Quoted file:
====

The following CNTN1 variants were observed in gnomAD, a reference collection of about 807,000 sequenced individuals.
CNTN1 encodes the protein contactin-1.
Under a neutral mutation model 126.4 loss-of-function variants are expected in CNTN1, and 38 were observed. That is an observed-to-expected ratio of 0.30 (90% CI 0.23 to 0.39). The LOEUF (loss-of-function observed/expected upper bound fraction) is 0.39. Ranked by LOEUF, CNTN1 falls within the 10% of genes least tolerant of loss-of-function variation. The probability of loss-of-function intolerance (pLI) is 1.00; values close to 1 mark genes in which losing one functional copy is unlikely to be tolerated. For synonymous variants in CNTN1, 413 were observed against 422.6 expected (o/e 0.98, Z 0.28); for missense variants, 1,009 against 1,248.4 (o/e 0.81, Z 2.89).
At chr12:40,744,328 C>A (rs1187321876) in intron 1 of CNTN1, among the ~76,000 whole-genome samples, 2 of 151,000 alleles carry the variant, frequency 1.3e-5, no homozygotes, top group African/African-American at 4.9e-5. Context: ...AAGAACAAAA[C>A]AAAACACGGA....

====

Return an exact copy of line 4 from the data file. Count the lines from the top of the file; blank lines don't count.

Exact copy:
At chr12:40,744,328 C>A (rs1187321876) in intron 1 of CNTN1, among the ~76,000 whole-genome samples, 2 of 151,000 alleles carry the variant, frequency 1.3e-5, no homozygotes, top group African/African-American at 4.9e-5. Context: ...AAGAACAAAA[C>A]AAAACACGGA....